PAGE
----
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subject: Is China’s QR-code ban about security or lost revenue?

China’s central bank recently suspended mobile payments initiated through QR codes amid security concerns regarding the identification process involved with those transactions. The bank’s decision immediately affects China’s two largest third-party mobile-payments providers in Alibaba Group Holding, which operates Alipay, and Tencent Holdings Ltd.

On the surface, the bank’s edict could very well be based on security concerns. One, however, can make the argument The People’s Bank of China’s decision has more to do with lost revenue because third-party developers process those mobile payments and collect the transaction fees.
“[The bank] can’t go to the press and publicly say we are missing out on revenue,” Tristan Hugo-Webb, associate director for Mercator Advisory Group’s international payments practice, told Mobile Payments Today.

That theory stems from the fact the bank operates China UnionPay, which is the only interbank network in the mainland. China UnionPay is not processing Alibaba’s or Tencent’s mobile transactions, which means it can’t collect transaction fees.
Hugo-Webb believes the bank’s ruling will stifle mobile-payments growth under the guise of security concerns while it tries to determine how it might receive a cut from mobile payments enabled through methods outside NFC, which China UnionPay processes.

“There could be a situation where the bank might make [Alibaba and Tencent] switch to NFC-enabled payments,” Hugo-Webb said.
Chinese mobile payments in general reached 1.7 billion transactions in 2013, up 213 percent from the previous year, according to figures the bank released earlier this year. Those transactions were worth $1.6 trillion, up some 317 percent from 2012. Alibaba and Tencent are responsible for the bulk of those figures as NFC-enabled payments represent a small percent of the total because China, like many other countries, lacks the necessary contactless point-of-sale terminals.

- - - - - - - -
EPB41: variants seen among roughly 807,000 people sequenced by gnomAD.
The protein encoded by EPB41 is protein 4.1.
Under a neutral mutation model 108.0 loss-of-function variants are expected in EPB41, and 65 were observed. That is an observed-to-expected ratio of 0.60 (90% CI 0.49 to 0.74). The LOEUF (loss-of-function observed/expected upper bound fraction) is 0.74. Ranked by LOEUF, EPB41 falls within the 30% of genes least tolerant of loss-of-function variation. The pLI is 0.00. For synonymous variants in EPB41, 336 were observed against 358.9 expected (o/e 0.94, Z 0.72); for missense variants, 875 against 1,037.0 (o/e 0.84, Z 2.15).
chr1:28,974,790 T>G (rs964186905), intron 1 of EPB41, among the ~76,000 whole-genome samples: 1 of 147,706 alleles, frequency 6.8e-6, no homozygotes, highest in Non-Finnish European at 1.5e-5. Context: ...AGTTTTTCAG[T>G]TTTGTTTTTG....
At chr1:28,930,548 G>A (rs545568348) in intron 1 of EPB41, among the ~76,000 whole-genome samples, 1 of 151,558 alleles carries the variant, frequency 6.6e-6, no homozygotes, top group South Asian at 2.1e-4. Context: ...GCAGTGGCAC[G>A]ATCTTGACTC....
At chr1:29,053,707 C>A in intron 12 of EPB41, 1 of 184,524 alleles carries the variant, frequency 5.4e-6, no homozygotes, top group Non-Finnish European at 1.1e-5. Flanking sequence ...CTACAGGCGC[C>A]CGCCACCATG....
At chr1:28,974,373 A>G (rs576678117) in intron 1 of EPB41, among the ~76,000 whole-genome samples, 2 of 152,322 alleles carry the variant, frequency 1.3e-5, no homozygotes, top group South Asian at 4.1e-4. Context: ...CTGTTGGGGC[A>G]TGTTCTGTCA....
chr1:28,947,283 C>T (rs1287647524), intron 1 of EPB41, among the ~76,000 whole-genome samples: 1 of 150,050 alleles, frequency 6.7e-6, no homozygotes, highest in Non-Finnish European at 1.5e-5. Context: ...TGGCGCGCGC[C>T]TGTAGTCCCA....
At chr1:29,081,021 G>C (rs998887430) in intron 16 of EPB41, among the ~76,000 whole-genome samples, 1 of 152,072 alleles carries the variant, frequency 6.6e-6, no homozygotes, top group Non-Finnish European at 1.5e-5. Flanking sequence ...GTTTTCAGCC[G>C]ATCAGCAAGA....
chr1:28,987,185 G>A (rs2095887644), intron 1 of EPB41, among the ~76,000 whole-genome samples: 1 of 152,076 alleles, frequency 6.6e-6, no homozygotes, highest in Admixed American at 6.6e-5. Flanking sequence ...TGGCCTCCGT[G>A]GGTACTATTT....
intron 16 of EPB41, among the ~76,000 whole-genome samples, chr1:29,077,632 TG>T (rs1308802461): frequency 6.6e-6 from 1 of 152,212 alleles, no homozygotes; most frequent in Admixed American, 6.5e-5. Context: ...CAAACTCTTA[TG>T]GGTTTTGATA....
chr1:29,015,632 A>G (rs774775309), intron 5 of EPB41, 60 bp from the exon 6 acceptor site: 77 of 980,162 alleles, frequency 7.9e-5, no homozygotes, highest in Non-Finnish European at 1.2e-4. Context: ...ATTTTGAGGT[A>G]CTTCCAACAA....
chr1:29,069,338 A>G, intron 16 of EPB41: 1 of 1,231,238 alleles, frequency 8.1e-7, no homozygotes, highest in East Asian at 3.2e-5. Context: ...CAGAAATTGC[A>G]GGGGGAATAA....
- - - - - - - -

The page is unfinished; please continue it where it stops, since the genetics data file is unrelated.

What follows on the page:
China has 10.6 million terminals deployed throughout the country, but only 1.4 million devices accept contactless payments, according to the central bank. That has allowed Alibaba and Tencent to conquer mobile payments with QR codes.
Alipay processed nearly $150 billion in mobile transactions in 2013, which is significantly more than PayPal. The eBay-owned company processed $27 billion in mobile transactions last year.

Tencent, which also operates the mobile messaging service WeChat, earlier this year introduced a software update that enables users to use a QR code for mobile payments. The company said in its recent earnings report that 355 million people use WeChat, which represents enormous revenue potential as it competes directly with Alipay.

Both companies planned to launch virtual credit cards that use QR codes, but that is in serious doubt pending further action from the People’s Bank of China.
Indeed, QR codes do present some consumer safety issues because some codes can lead to fraudulent websites.

“One of the challenges with QR codes is that a QR code can take you to a link, which might be a phishing site, so it is important how the QR codes are implemented and used for payments,” Zilvinas Bareisis, senior analyst at Celent, told Mobile Payments Today.
Alibaba and Tencent recently gave the bank detailed reports about how their mobile systems operate, which Bareisis interpreted as the ban being a short-term one. Both companies said in statements they are awaiting further instruction from the bank.

“While the timing may not be great (Alibaba is scheduling an IPO in the United States), I don’t think this will have a lasting impact on innovation in the country,” Bareisis said.
Hugo-Webb isn’t so sure. He believes the bank’s ruling is intended to ensure China UnionPay remains profitable even as NFC-enabled mobile payments lag far behind their QR-code counterparts.

“The bank’s direct market intervention is an issue that will always hang over China and make operating there a significant risk,” Hugo-Webb said. “This particular issue could really hurt mobile growth in China.”
Proposed limits on mobile payments also could stifle growth, and the bank is reconsidering this after Alibaba, Tencent and consumers criticized the consideration over the weekend. The bank did not previously acknowledge the caps until companies leaked the proposed rules.
The bank proposed limits on mobile payments of 10,000 yuan (US$1,630) per year and a 1,000-yuan limit on a single transaction. In an interview with the official Xinhua News Agency, the bank said it would change the mobile limits if consumers found them unfair.



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